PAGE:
Magicians with murky motives clash in Gilman's (The Rise of Ransom City, 2012, etc.) peculiar spiritualist fantasy, which incorporates a healthy dash of Edgar Rice Burroughs and perhaps a hint of Lovecraft.
Barely employed journalist Arthur Shaw meets occult stenographer Josephine Bradman during the terrible London storm of 1893. It's love, but a literally star-crossed love, as Josephine becomes drawn into the affairs of the Company, a magical society that is attempting to psychically journey to the celestial spheres beyond Earth. When Arthur rashly interrupts one of these astral attempts, Josephine's consciousness is lost near Mars and its two moons, and Arthur must take her place in the Company in order to get her back. Despite the fact that this novel contains many characters with telepathic powers, it's difficult to penetrate their motivations. Arthur wants to rescue Josephine, yes, and Josephine wants to go home, but the goals of their fellow magicians in the Company and those of a rival group led by the sinister Lord Podmore seem less clear. Magicians seek power—but power to do what? What does the Company's leader, Lord Atwood, gain by journeying to the spheres? Why is Podmore so anxious to stop them? What role is played by the mysterious woman who calls herself Jupiter? Or the inscrutable Mr. Sun? And who is Mrs. Archer, the crude but powerful crone who watches the stars? We never entirely understand anyone, so it's difficult to have any kind of emotional reaction (positive or negative) toward them. The story seems to drift through strange byways rather than heading in a straight direction.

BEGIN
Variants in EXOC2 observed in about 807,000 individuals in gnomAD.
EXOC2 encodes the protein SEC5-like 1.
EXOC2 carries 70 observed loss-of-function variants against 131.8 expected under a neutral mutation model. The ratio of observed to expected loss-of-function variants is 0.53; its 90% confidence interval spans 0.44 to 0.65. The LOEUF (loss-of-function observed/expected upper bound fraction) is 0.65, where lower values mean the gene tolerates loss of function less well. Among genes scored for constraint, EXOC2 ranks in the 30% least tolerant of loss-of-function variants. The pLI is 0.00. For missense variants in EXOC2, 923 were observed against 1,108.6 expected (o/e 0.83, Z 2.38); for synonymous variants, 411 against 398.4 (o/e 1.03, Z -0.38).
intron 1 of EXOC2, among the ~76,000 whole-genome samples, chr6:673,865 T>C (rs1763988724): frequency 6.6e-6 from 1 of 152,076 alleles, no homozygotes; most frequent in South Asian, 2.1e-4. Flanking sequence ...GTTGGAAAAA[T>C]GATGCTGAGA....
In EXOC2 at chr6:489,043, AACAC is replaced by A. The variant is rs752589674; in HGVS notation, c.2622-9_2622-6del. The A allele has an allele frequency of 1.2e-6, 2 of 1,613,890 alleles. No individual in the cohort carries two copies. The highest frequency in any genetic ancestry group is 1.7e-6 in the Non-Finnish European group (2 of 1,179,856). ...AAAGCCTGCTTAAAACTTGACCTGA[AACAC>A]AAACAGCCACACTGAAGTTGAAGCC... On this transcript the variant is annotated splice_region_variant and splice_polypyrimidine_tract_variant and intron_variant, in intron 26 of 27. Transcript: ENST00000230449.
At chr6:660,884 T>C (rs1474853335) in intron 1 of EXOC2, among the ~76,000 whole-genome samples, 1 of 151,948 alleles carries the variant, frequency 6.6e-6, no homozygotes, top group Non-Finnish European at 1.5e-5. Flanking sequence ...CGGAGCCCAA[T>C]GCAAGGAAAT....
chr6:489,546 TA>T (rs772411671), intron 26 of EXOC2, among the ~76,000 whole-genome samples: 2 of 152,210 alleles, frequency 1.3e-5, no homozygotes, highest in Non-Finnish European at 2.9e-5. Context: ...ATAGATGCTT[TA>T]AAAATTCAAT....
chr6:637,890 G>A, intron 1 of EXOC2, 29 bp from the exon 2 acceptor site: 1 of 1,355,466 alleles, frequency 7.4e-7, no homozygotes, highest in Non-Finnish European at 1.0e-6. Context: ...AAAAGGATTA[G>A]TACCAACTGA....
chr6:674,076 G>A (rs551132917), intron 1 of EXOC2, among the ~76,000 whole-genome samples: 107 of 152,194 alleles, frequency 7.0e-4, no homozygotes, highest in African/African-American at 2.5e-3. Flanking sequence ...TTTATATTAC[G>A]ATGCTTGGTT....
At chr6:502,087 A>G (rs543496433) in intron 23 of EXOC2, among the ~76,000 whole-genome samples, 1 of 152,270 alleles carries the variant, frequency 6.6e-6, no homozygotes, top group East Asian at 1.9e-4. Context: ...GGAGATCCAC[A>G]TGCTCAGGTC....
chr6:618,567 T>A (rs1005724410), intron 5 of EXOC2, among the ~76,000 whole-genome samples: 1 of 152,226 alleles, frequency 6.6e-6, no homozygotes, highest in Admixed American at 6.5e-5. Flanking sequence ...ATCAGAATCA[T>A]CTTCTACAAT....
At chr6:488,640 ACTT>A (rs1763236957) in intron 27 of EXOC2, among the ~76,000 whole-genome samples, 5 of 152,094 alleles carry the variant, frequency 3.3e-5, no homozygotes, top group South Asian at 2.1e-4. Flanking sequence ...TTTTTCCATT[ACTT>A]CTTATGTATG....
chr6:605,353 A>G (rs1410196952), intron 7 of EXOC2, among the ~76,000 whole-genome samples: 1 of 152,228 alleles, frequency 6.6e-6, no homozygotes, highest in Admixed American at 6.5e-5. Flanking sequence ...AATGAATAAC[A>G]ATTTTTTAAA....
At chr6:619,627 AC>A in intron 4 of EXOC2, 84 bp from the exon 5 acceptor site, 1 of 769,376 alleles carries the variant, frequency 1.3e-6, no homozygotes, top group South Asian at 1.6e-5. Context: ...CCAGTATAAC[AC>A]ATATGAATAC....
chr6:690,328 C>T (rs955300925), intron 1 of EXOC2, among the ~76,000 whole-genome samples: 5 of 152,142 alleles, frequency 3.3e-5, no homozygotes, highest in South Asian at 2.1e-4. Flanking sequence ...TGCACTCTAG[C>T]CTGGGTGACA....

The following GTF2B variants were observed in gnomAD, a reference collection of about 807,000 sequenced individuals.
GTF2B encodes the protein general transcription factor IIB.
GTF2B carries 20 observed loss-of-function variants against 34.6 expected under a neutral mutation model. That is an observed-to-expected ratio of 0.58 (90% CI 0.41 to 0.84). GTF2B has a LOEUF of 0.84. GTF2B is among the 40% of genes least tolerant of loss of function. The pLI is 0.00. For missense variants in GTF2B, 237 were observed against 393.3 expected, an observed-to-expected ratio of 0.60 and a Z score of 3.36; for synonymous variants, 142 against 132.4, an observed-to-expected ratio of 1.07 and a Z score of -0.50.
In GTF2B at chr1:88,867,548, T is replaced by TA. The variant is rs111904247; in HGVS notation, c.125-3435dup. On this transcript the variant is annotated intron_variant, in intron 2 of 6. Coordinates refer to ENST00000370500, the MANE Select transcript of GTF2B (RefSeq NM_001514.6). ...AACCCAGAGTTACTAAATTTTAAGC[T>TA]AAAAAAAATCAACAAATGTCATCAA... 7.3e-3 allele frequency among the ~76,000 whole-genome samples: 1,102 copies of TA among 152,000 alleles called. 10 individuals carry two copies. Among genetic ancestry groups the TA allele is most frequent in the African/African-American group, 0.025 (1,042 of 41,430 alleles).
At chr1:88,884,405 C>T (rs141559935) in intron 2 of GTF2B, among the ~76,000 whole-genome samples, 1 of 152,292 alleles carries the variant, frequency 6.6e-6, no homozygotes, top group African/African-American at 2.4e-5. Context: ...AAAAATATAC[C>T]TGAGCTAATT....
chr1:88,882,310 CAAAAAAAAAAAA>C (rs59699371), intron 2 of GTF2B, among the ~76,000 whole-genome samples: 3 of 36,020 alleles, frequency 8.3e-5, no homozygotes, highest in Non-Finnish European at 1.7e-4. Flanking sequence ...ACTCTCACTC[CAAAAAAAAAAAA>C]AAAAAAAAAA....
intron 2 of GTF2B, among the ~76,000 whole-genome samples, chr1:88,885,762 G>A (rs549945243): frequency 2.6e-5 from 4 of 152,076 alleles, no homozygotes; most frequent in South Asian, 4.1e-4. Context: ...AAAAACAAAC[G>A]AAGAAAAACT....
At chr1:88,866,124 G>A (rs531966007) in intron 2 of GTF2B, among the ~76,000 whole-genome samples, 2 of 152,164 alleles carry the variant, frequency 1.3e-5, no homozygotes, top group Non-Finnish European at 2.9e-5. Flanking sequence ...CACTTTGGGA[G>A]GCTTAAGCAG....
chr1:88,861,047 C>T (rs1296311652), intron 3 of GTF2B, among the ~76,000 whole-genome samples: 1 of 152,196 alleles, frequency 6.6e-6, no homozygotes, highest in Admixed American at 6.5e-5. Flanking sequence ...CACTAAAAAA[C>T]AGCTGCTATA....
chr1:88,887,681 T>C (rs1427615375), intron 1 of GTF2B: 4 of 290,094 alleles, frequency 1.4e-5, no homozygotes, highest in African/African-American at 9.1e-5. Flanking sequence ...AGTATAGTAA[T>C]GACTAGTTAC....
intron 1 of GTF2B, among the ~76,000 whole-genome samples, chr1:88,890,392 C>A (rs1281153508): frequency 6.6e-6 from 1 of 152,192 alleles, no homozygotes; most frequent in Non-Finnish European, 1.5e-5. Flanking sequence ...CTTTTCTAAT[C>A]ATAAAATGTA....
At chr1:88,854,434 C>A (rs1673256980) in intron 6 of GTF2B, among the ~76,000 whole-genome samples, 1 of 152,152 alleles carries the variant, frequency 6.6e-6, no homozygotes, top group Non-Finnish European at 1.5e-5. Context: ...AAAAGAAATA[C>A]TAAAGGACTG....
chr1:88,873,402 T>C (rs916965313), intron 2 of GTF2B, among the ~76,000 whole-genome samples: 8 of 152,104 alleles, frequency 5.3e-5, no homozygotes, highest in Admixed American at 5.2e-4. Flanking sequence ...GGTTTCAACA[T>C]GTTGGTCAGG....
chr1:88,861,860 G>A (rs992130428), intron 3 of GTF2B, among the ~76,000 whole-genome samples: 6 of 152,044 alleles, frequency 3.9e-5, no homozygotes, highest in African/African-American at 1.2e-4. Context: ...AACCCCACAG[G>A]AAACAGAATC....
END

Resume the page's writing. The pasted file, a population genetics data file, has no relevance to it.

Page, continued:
Odd, unsettling, inconclusive.